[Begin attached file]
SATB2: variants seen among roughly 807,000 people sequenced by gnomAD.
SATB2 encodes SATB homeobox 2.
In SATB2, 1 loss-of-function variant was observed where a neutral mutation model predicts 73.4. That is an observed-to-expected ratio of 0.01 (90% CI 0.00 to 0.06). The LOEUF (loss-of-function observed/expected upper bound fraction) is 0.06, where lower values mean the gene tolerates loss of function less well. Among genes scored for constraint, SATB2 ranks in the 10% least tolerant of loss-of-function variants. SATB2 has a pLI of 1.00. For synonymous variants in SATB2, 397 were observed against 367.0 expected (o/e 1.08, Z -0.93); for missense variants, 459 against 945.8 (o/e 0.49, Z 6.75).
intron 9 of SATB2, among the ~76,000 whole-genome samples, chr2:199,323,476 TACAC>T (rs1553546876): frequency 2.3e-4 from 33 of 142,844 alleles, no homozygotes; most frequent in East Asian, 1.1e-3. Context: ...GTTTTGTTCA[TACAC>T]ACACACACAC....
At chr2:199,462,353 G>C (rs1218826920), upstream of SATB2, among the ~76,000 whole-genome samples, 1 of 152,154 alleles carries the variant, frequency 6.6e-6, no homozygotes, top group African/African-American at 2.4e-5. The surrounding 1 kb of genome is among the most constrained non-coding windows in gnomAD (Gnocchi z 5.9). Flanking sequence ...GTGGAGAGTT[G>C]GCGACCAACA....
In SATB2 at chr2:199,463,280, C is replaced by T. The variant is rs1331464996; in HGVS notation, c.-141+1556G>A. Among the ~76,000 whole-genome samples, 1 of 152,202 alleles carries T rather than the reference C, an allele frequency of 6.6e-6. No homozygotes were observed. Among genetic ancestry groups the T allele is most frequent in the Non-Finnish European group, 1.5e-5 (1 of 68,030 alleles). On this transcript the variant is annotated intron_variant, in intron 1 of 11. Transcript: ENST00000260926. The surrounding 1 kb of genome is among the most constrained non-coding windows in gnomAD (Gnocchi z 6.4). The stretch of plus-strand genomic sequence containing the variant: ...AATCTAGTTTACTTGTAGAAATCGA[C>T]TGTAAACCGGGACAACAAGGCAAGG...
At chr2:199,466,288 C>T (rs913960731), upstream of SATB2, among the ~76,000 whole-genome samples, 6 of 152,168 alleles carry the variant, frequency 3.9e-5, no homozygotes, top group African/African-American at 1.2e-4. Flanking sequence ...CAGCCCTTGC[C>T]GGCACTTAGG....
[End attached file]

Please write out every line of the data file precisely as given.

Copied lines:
SATB2: variants seen among roughly 807,000 people sequenced by gnomAD.
SATB2 encodes SATB homeobox 2.
In SATB2, 1 loss-of-function variant was observed where a neutral mutation model predicts 73.4. That is an observed-to-expected ratio of 0.01 (90% CI 0.00 to 0.06). The LOEUF (loss-of-function observed/expected upper bound fraction) is 0.06, where lower values mean the gene tolerates loss of function less well. Among genes scored for constraint, SATB2 ranks in the 10% least tolerant of loss-of-function variants. SATB2 has a pLI of 1.00. For synonymous variants in SATB2, 397 were observed against 367.0 expected (o/e 1.08, Z -0.93); for missense variants, 459 against 945.8 (o/e 0.49, Z 6.75).
intron 9 of SATB2, among the ~76,000 whole-genome samples, chr2:199,323,476 TACAC>T (rs1553546876): frequency 2.3e-4 from 33 of 142,844 alleles, no homozygotes; most frequent in East Asian, 1.1e-3. Context: ...GTTTTGTTCA[TACAC>T]ACACACACAC....
At chr2:199,462,353 G>C (rs1218826920), upstream of SATB2, among the ~76,000 whole-genome samples, 1 of 152,154 alleles carries the variant, frequency 6.6e-6, no homozygotes, top group African/African-American at 2.4e-5. The surrounding 1 kb of genome is among the most constrained non-coding windows in gnomAD (Gnocchi z 5.9). Flanking sequence ...GTGGAGAGTT[G>C]GCGACCAACA....
In SATB2 at chr2:199,463,280, C is replaced by T. The variant is rs1331464996; in HGVS notation, c.-141+1556G>A. Among the ~76,000 whole-genome samples, 1 of 152,202 alleles carries T rather than the reference C, an allele frequency of 6.6e-6. No homozygotes were observed. Among genetic ancestry groups the T allele is most frequent in the Non-Finnish European group, 1.5e-5 (1 of 68,030 alleles). On this transcript the variant is annotated intron_variant, in intron 1 of 11. Transcript: ENST00000260926. The surrounding 1 kb of genome is among the most constrained non-coding windows in gnomAD (Gnocchi z 6.4). The stretch of plus-strand genomic sequence containing the variant: ...AATCTAGTTTACTTGTAGAAATCGA[C>T]TGTAAACCGGGACAACAAGGCAAGG...
At chr2:199,466,288 C>T (rs913960731), upstream of SATB2, among the ~76,000 whole-genome samples, 6 of 152,168 alleles carry the variant, frequency 3.9e-5, no homozygotes, top group African/African-American at 1.2e-4. Flanking sequence ...CAGCCCTTGC[C>T]GGCACTTAGG....